Prora sign, 11 October 2018

This sign, close to the coastal cliff, warns of mortal danger.

Kill nazis, 11 October 2018

Fortunately, the swastikas and other Third Reich signs are gone. This recent graffiti points into another direction.

Antifa, 11 October 2018

As does this recent graffiti about Antifa (anti-fascists).

This July 2014 video shows a hooded crow on a Rügen beach.

We ended 11 October 2018, however, not with hooded crows; but as we had started it, with cranes.

Cranes sunset, 11 October 2018

From a hill, we could see these cranes flying past the setting sun.

Stay tuned; there will be more Rügen on this blog!


Snowy mountains, high-rise buildings in China

Snowy mountains near Kangding, 4 April 2018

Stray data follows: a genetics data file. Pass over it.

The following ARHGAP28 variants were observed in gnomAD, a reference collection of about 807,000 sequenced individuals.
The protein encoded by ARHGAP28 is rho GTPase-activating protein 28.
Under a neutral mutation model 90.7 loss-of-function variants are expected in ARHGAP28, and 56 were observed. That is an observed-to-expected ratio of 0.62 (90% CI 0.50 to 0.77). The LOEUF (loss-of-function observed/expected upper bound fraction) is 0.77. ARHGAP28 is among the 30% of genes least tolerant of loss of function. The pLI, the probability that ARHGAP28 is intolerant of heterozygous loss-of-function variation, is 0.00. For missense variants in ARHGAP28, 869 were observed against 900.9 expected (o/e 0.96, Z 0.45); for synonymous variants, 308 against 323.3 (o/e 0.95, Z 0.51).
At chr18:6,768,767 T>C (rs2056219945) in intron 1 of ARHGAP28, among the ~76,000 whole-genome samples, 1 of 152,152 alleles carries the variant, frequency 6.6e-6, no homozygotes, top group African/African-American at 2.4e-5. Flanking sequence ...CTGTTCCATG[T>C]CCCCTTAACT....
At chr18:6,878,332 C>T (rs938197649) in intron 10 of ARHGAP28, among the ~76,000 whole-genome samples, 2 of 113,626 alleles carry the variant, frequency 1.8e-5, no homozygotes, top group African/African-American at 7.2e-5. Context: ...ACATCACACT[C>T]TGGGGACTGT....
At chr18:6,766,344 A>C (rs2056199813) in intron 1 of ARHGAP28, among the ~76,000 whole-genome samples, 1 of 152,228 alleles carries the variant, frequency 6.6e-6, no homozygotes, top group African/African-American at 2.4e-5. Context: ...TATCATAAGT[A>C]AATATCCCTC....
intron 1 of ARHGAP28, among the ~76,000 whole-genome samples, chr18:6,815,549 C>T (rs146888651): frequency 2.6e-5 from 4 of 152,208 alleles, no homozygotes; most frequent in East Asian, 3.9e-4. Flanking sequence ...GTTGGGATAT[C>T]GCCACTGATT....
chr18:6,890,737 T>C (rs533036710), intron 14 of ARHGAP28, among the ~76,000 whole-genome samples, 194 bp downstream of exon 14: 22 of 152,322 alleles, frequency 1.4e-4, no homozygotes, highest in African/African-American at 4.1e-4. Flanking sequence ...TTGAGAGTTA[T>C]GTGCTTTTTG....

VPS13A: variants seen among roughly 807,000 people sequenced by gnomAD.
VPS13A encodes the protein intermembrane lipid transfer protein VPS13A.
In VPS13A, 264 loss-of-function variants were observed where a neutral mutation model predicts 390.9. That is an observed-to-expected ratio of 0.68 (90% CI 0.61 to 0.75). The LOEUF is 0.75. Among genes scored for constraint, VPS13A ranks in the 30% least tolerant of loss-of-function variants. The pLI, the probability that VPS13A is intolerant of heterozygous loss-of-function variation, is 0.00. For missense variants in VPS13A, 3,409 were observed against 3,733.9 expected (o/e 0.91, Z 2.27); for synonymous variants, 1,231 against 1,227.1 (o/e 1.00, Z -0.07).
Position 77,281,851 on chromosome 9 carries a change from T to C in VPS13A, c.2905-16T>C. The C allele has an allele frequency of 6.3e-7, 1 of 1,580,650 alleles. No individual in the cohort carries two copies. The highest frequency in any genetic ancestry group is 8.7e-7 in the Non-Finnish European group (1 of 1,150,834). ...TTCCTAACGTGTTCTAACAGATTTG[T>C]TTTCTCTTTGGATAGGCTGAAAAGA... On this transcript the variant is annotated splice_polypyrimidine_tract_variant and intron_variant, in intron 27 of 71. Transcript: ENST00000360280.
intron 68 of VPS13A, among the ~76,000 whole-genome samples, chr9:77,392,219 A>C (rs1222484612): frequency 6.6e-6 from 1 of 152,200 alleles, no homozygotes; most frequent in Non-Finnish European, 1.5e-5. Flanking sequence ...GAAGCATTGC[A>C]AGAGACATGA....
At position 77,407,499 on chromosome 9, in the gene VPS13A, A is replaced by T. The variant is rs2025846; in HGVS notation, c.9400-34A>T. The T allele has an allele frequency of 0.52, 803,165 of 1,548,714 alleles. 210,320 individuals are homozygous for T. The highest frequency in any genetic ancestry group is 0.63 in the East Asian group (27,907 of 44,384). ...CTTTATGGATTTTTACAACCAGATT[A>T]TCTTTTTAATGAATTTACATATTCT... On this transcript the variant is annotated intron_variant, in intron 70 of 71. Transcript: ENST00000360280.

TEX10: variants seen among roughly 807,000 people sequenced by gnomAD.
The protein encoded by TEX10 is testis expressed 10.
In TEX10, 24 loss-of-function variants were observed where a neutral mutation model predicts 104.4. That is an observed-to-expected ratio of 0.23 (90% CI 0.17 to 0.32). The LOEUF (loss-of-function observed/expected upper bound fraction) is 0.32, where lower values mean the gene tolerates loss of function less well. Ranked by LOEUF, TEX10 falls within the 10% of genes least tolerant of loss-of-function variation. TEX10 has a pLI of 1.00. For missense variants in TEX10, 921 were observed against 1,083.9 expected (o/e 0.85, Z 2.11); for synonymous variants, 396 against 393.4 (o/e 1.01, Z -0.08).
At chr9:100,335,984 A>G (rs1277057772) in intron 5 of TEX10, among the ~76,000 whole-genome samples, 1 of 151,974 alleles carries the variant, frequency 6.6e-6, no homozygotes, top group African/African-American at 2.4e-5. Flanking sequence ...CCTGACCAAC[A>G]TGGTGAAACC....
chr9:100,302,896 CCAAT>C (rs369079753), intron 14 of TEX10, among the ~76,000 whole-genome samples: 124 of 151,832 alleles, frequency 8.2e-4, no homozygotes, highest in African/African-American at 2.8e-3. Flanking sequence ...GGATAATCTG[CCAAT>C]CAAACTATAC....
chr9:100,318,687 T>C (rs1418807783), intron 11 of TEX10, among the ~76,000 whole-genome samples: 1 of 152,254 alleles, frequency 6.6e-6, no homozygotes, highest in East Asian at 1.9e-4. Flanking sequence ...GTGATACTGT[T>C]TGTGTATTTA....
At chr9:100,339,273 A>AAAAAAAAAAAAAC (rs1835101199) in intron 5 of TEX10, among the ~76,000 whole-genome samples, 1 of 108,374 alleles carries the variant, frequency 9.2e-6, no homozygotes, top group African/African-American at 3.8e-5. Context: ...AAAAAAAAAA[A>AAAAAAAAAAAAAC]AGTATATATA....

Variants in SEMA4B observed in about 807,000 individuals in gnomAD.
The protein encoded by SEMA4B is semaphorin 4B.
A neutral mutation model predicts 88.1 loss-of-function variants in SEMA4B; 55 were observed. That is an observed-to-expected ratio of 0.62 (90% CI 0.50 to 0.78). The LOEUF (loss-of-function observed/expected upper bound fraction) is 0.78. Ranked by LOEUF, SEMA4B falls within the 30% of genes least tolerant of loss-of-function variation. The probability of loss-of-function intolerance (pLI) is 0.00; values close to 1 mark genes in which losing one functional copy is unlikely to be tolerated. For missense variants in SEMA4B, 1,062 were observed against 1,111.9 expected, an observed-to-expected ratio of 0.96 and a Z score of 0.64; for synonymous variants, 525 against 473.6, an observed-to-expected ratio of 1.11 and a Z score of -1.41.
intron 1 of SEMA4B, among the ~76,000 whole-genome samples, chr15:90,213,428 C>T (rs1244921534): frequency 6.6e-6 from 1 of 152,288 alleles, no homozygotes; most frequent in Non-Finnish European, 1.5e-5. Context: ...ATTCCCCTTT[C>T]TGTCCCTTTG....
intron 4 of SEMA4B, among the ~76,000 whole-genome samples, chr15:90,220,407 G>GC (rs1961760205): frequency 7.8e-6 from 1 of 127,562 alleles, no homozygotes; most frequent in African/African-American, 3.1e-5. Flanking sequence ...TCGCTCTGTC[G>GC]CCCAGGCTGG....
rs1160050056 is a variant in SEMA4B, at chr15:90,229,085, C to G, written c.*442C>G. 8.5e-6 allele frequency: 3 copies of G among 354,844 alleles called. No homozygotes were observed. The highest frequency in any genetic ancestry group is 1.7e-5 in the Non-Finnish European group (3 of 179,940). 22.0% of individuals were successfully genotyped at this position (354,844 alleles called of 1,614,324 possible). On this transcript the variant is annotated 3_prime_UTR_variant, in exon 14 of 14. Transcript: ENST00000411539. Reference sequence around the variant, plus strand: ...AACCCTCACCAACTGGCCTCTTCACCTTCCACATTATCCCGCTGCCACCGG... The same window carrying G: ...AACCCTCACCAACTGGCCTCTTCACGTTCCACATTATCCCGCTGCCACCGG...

As an earlier blog post mentioned, on 3 April 2018 we had arrived back in Kangding, capital of Garzê Tibetan Autonomous Prefecture in Sichuan province in China. The next morning, 4 April, a plane brought us back to Chengdu city; flying along snowy mountains, as this photo, a cellphone photo like the others of this blog post, shows.

At a big Chengdu railway station, we boarded a bullet train to Shaanxi province, to Yangxian county, to Hanzhong city.

Chengdu buildings and trees, 4 April 2018

Chengdu is a city of over 10 million people. Quite some of them housed in high-rise buildings like on these photo.

Chengdu buildings, 4 April 2018

We arrived in Hanzhong.

This 2017 video says about itself:

Large patches of rapeseed flowers in full bloom, decorating the fields with shades of yellow upon green, have attracted large crowds of spring outing makers to the Yangxian County of Hanzhong in … China’s Shaanxi Province.

The county is also well-known for the beautiful birds — the crested ibis, an endangered species listed on the State Protection List in China.